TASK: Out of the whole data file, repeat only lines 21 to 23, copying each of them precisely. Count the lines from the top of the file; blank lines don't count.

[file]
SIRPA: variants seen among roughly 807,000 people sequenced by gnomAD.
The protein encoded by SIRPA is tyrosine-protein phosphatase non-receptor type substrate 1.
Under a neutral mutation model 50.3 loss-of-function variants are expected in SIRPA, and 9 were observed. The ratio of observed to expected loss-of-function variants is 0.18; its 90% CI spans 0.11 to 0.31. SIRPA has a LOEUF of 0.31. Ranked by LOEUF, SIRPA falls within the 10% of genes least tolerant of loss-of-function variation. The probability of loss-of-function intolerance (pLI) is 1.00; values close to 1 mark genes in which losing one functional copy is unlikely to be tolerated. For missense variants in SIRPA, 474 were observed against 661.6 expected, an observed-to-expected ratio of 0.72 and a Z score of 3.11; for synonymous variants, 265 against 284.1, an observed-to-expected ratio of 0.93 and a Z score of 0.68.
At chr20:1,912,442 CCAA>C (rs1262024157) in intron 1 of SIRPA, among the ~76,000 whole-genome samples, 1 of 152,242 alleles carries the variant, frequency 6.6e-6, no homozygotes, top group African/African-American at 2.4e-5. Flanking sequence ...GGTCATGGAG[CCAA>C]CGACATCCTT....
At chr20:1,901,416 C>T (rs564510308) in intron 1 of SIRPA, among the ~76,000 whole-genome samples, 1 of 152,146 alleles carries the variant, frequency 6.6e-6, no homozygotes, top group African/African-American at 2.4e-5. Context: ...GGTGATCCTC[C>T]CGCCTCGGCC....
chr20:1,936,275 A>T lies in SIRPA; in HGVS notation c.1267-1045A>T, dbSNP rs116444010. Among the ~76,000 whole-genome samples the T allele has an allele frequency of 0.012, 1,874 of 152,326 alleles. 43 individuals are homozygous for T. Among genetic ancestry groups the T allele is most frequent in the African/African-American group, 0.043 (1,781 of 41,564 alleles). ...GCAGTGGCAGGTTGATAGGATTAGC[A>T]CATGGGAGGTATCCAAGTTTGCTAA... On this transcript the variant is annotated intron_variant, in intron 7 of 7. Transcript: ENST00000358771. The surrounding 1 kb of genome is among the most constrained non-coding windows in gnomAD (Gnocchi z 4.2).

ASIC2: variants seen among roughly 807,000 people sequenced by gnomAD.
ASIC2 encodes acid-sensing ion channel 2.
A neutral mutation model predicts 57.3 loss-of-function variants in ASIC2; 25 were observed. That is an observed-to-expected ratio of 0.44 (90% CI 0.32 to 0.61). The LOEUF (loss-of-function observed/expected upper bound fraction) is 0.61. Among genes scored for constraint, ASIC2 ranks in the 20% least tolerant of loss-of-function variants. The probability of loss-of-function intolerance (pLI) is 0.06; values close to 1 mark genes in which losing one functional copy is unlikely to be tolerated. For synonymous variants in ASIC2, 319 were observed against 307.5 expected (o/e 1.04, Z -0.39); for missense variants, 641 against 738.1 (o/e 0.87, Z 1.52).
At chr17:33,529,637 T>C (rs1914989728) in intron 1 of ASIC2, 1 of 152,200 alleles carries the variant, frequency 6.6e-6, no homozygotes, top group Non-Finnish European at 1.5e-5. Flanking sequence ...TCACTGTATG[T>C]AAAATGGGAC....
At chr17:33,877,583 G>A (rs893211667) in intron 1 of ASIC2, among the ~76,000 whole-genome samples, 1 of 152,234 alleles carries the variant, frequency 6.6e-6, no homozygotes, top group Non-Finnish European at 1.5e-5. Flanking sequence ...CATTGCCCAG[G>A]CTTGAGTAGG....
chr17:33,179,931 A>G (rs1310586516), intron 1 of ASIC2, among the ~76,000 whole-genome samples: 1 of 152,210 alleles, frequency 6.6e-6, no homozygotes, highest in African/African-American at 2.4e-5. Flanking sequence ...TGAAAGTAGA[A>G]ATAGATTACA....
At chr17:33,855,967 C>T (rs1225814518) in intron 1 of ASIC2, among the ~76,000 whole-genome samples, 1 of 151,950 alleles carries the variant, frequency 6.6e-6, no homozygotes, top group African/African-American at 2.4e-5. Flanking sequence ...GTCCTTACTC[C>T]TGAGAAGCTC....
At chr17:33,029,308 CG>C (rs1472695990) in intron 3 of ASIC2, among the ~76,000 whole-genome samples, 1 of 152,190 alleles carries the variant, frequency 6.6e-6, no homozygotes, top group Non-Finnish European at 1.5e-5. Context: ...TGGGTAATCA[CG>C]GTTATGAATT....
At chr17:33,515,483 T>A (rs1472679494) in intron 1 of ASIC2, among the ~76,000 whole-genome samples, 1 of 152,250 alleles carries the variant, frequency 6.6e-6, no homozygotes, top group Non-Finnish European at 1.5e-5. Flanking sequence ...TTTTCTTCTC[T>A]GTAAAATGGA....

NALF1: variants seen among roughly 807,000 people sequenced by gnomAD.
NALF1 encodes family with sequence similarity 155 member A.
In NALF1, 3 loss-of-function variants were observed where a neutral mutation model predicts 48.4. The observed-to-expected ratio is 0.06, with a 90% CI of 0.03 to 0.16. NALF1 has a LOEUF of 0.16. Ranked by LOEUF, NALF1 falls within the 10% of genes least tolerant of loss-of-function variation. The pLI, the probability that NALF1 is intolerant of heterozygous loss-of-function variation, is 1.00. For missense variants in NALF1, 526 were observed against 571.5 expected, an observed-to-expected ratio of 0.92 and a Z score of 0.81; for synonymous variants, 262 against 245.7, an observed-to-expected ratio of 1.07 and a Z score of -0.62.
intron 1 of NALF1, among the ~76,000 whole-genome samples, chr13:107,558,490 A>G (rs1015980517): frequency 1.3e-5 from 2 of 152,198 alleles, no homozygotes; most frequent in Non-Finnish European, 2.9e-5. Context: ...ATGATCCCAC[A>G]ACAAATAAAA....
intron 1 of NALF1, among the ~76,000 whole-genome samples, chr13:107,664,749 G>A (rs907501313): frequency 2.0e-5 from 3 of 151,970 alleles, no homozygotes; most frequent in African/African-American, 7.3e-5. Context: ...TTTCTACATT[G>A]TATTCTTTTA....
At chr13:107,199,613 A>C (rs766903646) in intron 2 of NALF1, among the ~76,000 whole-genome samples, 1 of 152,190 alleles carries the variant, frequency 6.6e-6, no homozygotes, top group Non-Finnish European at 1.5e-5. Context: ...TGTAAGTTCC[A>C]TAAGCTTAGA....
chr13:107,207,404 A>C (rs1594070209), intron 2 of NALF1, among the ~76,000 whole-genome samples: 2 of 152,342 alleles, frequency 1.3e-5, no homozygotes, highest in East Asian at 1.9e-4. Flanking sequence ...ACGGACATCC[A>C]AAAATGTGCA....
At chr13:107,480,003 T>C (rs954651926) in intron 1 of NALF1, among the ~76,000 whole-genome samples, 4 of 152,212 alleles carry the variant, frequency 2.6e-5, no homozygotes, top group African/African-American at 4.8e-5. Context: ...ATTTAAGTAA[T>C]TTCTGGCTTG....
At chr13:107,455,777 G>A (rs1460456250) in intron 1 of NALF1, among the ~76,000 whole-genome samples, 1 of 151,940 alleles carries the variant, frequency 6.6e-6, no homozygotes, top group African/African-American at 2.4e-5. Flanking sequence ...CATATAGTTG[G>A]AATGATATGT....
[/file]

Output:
At chr13:107,199,613 A>C (rs766903646) in intron 2 of NALF1, among the ~76,000 whole-genome samples, 1 of 152,190 alleles carries the variant, frequency 6.6e-6, no homozygotes, top group Non-Finnish European at 1.5e-5. Context: ...TGTAAGTTCC[A>C]TAAGCTTAGA....
chr13:107,207,404 A>C (rs1594070209), intron 2 of NALF1, among the ~76,000 whole-genome samples: 2 of 152,342 alleles, frequency 1.3e-5, no homozygotes, highest in East Asian at 1.9e-4. Flanking sequence ...ACGGACATCC[A>C]AAAATGTGCA....
At chr13:107,480,003 T>C (rs954651926) in intron 1 of NALF1, among the ~76,000 whole-genome samples, 4 of 152,212 alleles carry the variant, frequency 2.6e-5, no homozygotes, top group African/African-American at 4.8e-5. Context: ...ATTTAAGTAA[T>C]TTCTGGCTTG....